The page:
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Bereavement support line Mon to Fri 10am to 1pm

Posted on: September 26th, 2020

Many people have experienced and will experience the death of someone they love during the COVID-19 pandemic. It may have been a COVID-related death or a death from other causes. People may also be finding a previous bereavement more difficult at this time.

While we may be seeing reductions in the number of deaths connected to COVID-19, we know that people’s pain and grief does not diminish as quickly. 

In the face of such loss and trauma, the Irish Hospice Foundation Bereavement Support Line, in partnership with the HSE, has been launched to provide connection, comfort and support, in these exceptional times.

COVID-19 restrictions have changed the traditional ways we mark our grief. For the moment, it is not possible to come together like we did traditionally. This means many people are facing bereavement in isolation.

What is the IHF Bereavement Support line?

It is a national freephone service 1800 80 70 77 which will be available from 10am to 1pm, Monday to Friday.

  • We aim to provide a confidential space for people to speak about their experience or to ask questions relating to the death of someone during the COVID-19 pandemic or a previous bereavement that is more difficult at this time
  • We will listen to what a person says about what has happened
  • We will do our best to provide comfort and emotional support
  • We will provide any information that might help the caller, including information on practical supports.
  • We will provide support for employers or professionals who want to inform the care their organisation can offer to bereaved colleagues


The service is confidential. What you tell us will not be shared except in certain circumstances where, for safeguarding reasons, we may need to share your information with the emergency services. On the call, we might ask your first name, because it’s a natural question to ask in a conversation, but you don’t have to tell us if you prefer not to.

Further Information

Visit our FAQ section here

Can you help spread the word?

We would like as many people as possible in Ireland to know about this new free service. We have prepared a Bereavement Support Line information pack Please feel free to view/download/print out or forward this to anyone who may need it. Thank you.

The Irish Hospice Foundation is the national charity dedicated to death, dying and bereavement. For over 30 years, we have been working towards the best end-of-life and bereavement care, for all in Ireland. Bereavement affects us all and up to 300,000 Irish people can be bereaved each year. We offer an excellent source of information and services in bereavement as well as high-quality training for professionals and volunteers.

In response to COVID-19, we have set up our new Care & Inform hub on the Irish Hospice Foundation website which includes a new series of resources on grief and loss to support those who are bereaved in these exceptional times.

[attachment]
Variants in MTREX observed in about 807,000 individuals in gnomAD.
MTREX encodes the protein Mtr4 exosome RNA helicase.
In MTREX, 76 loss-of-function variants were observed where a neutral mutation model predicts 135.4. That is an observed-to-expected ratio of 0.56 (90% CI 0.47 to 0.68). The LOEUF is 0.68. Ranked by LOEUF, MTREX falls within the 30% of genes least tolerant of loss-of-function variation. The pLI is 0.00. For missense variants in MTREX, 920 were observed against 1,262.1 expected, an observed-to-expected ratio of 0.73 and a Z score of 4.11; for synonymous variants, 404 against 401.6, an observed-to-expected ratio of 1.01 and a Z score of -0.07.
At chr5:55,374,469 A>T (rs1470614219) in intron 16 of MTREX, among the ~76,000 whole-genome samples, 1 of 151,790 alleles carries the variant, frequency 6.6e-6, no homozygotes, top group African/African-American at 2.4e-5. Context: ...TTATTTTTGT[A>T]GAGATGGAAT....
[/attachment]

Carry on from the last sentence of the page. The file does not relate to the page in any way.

Please help the Irish Hospice Foundation to continue to support those facing end of life at this unprecedented time of need. Text IHF to 50300 to donate €4. Text costs €4. The Irish Hospice Foundation will receive a minimum of €3.60.
Service Provider: LIKECHARITY. Helpline: 076 6805278

How do we talk about death right now?

Posted on: September 25th, 2020

This week, to celebrate Positive Ageing Week we are launching our ‘Conversations over a Cuppa‘ series of resources to help you start talking with your nearest and dearest.

Conversations over a Cuppa is something we would like to encourage in every household in Ireland. Especially at the moment when death and illness feel closer to us and maybe we find ourselves thinking about it more often.

We hope it won’t happen to us, or those we love. Yet, the experiences of illness, death and dying are all around us. At any time, any one of us, our families or friends could be affected. It’s not a choice; it’s something that happens.

Conversations over a Cuppa is a series of four helpful and practical guides to support and encourage you to plan ahead, talk with others and offer practical support to those facing serious illness and end of life.

Read the first one here

Niamh Fitzpatrick launches book on grief and loss

Posted on: September 24th, 2020

niamh fitzpatrick book grief and loss

On 14th March 2017, Niamh Fitzpatrick’s life fell apart. Her beloved sister Captain Dara Fitzpatrick was killed in the crash of Rescue 116 off the coast of Mayo in the early hours of the morning. A psychologist for nearly thirty years, Niamh was forced to deal with the incomprehensible grief which followed, grief that she had helped clients through for years. In her new book ‘Tell Me the Truth About Loss’, Niamh writes with beautiful honesty about how she navigated her way through the initial shock, and how she continues to manage that loss to this day.

Bereavement is not the only loss which Niamh has suffered. In ‘Tell Me the Truth About Loss’ she also writes about her marriage breakdown shortly after Dara’s death, as well as how she coped with the grief related to her struggles with fertility. She interlaces her personal experience with advice for readers, making for a powerful and important read.

Drawing on everything she learned, first to survive and then, in time, to begin to thrive, ‘Tell Me the Truth about Loss’ is a psychologist’s journey through loss, grief and the worst of times, while finding hope along the way. A beautiful book for when life isn’t what you expect it to be.

A donation from the proceeds of this book will go to Irish Hospice Foundation.

Order from Easons.

Niamh spoke with Ryan Tubridy about her new book on The Late Late Show on Friday September 25th

Watch the interview here

COVID-19 is still with us: We must invest in the future of end-of-life and bereavement care

Posted on: September 11th, 2020

Tuesday 8 September 2020

Pre-Budget Submission 2021

  • Irish Hospice Foundation renews call for whole-of-Government strategy on end-of-life and bereavement care
  • Increase in numbers dying at home, more investment needed in this area in wake of COVID-19

Ahead of Budget 2021 next month, Irish Hospice Foundation (IHF) has renewed its call for a whole-of-government strategy for end-of-life and bereavement care in Ireland.